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Google Spills its Secret Sauce (Well . . . Sorta)



So Google’s facing an inquiry from the European Commission after accusations of anti-trust. Naturally, Google’s not taking this lying down. On the European Public Policy blog, Matt Cutts responds to allegations of anti-competitive practices by sharing their secret sauce, PageRank. But are they transparent enough?

(Yeah, the link is just the original Stanford paper on Google that discusses the basic principles of PageRank as defined 10 years ago.)

Google outlines all its efforts to help webmasters and increase its transparency, including:

  • “Google has continued to publish literally hundreds of research papers over the years. Those papers reveal many of the “secret formulas” for how Google works and document essential infrastructure that Google uses.”
  • “In 1999, Sergey Brin participated in the first Search Engine Strategies conference for webmasters.”
  • “In 2001, Google became one of the first search engines to engage online at a publisher forum called WebmasterWorld. One representative (GoogleGuy) has posted over 2800 times, while another (AdWordsAdvisor) has posted almost 5000 times.”
  • “Google now has over 70 official blogs, including an official webmaster blog specifically to help site owners understand how Google works and help them rank appropriately in our search results.”
  • Live webmaster chats and in-person conferences
  • Webmaster Tools

Although lots of lawsuits and disgruntled individuals claim that Google is an evil black box, the list of things they’ve done to reach out and help webmasters is impressive (even if a lot of webmasters don’t know about it)—and I just listed things till I got bored.

What do you think? Has Google made enough of an effort to be transparent and helpful? Is this an adequate defense against anti-trust allegations?

  • http://www.musingsforadarkenedroom.com Mike Wilton

    I think based on the fact that Google doesn’t really HAVE to reach out to webmasters at all ,is enough to say that Google has done more than their part to reach out to their users. Google can’t give us everything, but I think they give us enough and if you keep your ear to the industry and pay attention to things like IR on a larger scale you can get a feel for where not only Google is going, but where all of the search engines are going in terms of advancements and their algorithms. Sure there are a lot of things Google does that piss people off, but all companies do that. People pick on Google primarily because of it’s size and it’s reach.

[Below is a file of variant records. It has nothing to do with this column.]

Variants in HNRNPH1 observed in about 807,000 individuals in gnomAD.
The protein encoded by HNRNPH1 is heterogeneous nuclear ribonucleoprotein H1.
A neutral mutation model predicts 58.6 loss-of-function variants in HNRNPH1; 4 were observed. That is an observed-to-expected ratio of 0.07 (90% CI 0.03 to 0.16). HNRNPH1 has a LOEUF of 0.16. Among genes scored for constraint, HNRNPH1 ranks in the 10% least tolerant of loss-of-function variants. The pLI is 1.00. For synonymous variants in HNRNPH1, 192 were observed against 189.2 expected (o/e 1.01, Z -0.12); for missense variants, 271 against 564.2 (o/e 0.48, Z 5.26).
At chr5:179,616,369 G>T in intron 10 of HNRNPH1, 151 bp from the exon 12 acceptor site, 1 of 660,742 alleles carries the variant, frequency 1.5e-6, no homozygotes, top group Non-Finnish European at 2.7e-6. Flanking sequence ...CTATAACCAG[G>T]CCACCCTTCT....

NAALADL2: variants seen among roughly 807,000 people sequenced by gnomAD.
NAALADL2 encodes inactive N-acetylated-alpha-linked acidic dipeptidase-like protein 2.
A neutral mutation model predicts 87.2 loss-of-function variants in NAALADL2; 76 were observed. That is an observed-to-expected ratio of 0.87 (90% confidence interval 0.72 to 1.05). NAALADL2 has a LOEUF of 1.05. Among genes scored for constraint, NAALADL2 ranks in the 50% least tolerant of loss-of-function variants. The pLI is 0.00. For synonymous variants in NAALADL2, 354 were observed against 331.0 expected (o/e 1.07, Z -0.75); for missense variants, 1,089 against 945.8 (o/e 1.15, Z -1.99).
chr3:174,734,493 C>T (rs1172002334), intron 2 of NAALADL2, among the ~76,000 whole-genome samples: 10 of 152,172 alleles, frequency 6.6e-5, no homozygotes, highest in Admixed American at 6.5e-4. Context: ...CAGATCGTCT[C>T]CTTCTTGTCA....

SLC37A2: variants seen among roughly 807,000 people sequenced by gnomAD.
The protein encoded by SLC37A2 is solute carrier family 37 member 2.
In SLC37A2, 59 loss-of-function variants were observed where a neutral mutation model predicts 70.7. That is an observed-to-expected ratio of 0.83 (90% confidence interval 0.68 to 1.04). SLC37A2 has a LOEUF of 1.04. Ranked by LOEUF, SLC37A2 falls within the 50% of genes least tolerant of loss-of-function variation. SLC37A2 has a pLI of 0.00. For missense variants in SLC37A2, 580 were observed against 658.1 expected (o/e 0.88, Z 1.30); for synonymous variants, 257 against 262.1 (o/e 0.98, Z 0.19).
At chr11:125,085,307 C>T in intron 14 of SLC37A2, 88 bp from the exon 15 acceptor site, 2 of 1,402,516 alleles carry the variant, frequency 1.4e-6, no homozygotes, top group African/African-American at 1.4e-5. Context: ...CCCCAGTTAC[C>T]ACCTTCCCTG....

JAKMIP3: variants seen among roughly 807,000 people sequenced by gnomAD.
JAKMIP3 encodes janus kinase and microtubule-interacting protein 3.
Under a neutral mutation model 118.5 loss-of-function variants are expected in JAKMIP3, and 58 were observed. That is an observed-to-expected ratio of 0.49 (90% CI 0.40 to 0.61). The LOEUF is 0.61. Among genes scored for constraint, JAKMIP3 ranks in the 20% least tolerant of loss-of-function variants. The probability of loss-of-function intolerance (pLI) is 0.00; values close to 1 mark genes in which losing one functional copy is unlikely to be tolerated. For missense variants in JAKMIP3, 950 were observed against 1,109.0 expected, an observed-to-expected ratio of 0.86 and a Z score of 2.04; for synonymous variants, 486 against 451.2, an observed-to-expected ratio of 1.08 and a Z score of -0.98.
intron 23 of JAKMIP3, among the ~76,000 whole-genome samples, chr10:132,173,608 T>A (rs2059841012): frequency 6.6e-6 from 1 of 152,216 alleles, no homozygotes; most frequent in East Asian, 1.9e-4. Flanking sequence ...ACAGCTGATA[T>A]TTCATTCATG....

.-= Mike Wilton´s last blog ..Locally Grown Organic Produce Right To Your Door =-.

  • http://www.valnelson.com Val Nelson

    I agree that Google has been very extending and I have taken full advantage of it in the ways you’ve said. This is a great outline of all the options available to the public.

    To give away more info on how it works would make no sense. It would only ruin the quality of results. People already try to game the system from what they do know and Google has to constantly work against that in order to keep showing high quality results. Honestly, anyone who thinks they should share more info doesn’t understand that the secrecy is an essential ingredient in making search results good. It would be full of spam otherwise.

    Thank you.
    .-= Val Nelson´s last blog ..There’s Something About Business Cards =-.

  • http://twitter.com/rikglaser Rick Glaser

    Google has done plenty to be “transparent”. If you consider the consequences of letting all of their secrets out, it is not a good situation.

    In fact they are not obligated to do half of the stuff they do. Having blogs / discussions with webmasters on how to take advantage of organic (free) rankings is extremely powerful. When you take into account the time / cost of having their employees educate us for free, you can begin to appreciate things a little more.

    PS: I am not saying they give all of the information, or for that matter are always truthful on their blogs. It is however, the thought that matters. :)

  • http://www.marketingpilgrim.com Andy Beal

    The problem is, you don’t know, what you don’t know. How do we know that Google is telling us all there is to know.

    Patents and white papers are great, but what about the manual manipulation of results? How often does that happen, what does it look like? Just one thing that came to mind. :-)

  • http://www.jaankanellis.com Jaan Kanellis

    Anytime I read or view answers from Google they are so seriously vague or obtuse they don’t really help or answer anything at all.
    .-= Jaan Kanellis´s last blog ..Google’s Algorithm History by Wired.com =-.